‘Sex-for-jobs culture prevalent in arts’

CERTIFIED model, actress and upcoming producer Joyline Chiedza Basira said although women have made significant inroads in the film industry over the years, many traditional and cultural bottlenecks still hinder their progress into the male-dominated industry.

She cited a raft of challenges, including lack of financial muscle, few opportunities and little airplay and coverage, which she said frustrated female artists’ dreams.

Basira said unless there were efforts to give women greater opportunities in the industry, many of them would fail to make an impact regardless of their skill.

“It is a disease that has to be cured, otherwise the female artist would be completely swallowed and trapped into the echelons of hibernation, then extinction,” she said.

The thespian said the lack of opportunities often made a lot of women in the industry vulnerable to sexual abuse as the “sex-for-jobs” culture was prevalent.

“The present day woman has fallen prey to insatiable sexual predators, who try by all means to manipulate women physically, emotionally and worse still, sexually. They maximise on the financial challenges facing most women in the arts industry and pretend to broker some shady deals so that they use these as bait to attack vulnerable women,” she said.

Basira said the Ministry of Youth, Sport and Arts could do more to facilitate access to opportunities for women as was the case in business and education.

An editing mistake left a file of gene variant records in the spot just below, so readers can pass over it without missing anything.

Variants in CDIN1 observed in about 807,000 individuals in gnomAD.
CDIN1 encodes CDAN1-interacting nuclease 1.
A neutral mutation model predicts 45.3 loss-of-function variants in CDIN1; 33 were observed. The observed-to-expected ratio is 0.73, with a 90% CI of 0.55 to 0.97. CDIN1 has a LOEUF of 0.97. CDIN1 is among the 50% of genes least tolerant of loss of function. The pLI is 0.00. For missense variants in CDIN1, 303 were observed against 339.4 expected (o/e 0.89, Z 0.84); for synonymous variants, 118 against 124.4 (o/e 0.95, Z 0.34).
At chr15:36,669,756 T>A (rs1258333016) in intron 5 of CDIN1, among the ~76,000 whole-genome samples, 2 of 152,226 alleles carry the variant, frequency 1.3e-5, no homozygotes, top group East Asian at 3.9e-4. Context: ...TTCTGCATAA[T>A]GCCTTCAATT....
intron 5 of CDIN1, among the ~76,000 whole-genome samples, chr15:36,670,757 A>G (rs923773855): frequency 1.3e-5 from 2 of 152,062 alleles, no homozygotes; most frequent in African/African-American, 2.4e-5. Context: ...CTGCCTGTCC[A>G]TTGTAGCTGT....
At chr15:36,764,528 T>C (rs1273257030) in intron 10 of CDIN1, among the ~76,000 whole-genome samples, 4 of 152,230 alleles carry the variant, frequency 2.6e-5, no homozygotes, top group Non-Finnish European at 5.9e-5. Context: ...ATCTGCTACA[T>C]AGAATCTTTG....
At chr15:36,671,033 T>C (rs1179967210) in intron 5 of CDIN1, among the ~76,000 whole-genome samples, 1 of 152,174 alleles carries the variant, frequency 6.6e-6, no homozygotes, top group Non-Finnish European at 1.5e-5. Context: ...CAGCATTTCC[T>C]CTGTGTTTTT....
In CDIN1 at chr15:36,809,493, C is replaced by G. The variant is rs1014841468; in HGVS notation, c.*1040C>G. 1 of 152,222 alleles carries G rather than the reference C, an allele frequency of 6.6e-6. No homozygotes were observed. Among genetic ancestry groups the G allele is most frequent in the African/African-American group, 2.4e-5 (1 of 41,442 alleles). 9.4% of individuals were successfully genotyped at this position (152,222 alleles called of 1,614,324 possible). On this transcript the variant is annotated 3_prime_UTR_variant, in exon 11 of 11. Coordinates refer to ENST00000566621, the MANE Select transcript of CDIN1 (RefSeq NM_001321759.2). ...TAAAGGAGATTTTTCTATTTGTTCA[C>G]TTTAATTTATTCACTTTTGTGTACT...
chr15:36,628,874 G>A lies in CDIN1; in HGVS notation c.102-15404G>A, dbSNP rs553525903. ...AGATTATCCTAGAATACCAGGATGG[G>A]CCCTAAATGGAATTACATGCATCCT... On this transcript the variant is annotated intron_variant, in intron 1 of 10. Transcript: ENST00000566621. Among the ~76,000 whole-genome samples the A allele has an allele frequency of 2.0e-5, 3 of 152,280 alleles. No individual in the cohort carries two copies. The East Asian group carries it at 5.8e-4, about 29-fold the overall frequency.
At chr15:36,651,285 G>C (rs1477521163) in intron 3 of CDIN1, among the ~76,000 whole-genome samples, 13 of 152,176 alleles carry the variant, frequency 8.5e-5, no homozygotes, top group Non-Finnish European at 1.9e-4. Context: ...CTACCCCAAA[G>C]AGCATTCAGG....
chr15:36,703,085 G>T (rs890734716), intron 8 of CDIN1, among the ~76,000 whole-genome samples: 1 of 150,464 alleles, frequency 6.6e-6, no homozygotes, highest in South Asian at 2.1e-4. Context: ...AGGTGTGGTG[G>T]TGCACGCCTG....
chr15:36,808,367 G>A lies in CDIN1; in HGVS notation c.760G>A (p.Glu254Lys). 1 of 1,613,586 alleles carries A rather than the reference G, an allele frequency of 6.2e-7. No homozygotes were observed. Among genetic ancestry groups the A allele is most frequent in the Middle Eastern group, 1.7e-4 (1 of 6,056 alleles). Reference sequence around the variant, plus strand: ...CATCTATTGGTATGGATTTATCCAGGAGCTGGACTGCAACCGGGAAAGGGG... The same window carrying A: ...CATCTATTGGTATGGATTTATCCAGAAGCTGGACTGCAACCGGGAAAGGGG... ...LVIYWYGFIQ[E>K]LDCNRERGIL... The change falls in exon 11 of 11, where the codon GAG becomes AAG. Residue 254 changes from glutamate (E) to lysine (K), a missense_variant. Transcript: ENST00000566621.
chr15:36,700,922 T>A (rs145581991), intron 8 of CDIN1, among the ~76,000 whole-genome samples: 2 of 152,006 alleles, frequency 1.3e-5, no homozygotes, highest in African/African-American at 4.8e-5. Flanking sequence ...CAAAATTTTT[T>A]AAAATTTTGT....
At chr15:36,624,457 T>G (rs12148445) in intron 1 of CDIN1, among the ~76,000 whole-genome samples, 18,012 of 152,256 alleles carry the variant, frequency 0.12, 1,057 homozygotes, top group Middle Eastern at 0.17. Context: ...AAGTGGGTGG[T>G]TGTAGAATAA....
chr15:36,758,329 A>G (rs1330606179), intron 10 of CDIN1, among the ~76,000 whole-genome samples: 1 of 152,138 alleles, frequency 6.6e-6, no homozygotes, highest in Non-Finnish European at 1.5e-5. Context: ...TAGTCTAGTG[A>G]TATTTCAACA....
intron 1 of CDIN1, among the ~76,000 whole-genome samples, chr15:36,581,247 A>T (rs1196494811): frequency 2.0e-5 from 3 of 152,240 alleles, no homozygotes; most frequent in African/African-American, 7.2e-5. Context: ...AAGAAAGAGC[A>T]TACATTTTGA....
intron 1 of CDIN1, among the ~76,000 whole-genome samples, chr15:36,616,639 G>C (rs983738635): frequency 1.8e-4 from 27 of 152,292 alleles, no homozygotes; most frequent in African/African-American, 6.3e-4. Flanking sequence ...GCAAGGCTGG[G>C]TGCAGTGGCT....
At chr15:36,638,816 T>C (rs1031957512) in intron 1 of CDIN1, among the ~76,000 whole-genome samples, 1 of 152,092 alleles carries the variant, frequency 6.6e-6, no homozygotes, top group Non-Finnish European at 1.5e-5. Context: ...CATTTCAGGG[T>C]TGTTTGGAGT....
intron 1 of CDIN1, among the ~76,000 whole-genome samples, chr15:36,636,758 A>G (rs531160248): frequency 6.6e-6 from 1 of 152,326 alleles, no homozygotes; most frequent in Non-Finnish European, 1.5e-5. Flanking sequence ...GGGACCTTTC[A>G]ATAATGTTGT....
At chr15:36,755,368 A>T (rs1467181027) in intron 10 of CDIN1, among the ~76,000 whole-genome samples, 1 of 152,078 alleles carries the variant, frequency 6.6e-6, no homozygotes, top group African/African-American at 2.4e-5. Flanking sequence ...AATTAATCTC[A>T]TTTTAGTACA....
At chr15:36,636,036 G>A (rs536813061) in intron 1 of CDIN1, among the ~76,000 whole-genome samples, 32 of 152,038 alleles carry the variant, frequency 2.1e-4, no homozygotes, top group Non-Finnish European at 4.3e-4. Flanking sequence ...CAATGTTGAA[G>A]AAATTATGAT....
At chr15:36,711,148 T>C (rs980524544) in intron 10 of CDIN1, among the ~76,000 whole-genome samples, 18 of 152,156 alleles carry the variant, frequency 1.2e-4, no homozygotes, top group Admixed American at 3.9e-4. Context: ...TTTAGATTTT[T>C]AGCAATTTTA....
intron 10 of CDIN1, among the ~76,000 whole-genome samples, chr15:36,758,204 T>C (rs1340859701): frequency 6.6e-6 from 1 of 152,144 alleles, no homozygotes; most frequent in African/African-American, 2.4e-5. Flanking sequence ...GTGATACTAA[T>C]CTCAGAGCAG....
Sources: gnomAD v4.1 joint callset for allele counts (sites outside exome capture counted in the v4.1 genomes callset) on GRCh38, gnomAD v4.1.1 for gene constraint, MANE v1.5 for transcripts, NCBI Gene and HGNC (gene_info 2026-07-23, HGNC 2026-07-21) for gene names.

The beauty queen appealed to Sport minister, Kirsty Coventry, to look into the matter: “If women were empowered by a bank, universities and colleges of professional courses, why would you, Honourable Minister, not open an arts centre for women as well so that they can be nurtured to be the best, with requisite skills and knowledge?”

Basira said she was not advocating for the “quarantine” of men, but highlighted that there was need to ensure that women in the industry were not taken advantage of.

“Abused women usually face the dilemma of whether to or not report such cases as the way they are handled sometimes take away their dignity,” she said.

“As artists, we are in the public domain and our life is a book in the public library, reachable to every interested individual hence some may not take legal action just to protect their reputations, but at the same time becoming prisoners of conscience.”

Basira said one of the major stumbling blocks in the industry was that the majority of women faced the challenge of underpayment and their roles were rated lowly in comparison with their male counterparts.

“Promoters also bank on those societal phenomena, where the lady is observed as a cheap, useless and wasted effort, while the males are taken as hard workers, creative and philanthropic individuals,” she said.

Basira, however, urged women to continue working hard even if financial assistance was difficult to come by, especially because fewer women had “collateral”.

“Honourable Minister of Youth, Sport and Arts, please devise some ways that would help us access the money that we can use to promote our art. Availability of cheap and accessible bank loans will go a long way in freeing us from the chains of financial retributions,” she said.

She also implored women in the industry to work together to fight abuse and prove that they could succeed without “having to offer more than professional contribution to have our work done”.


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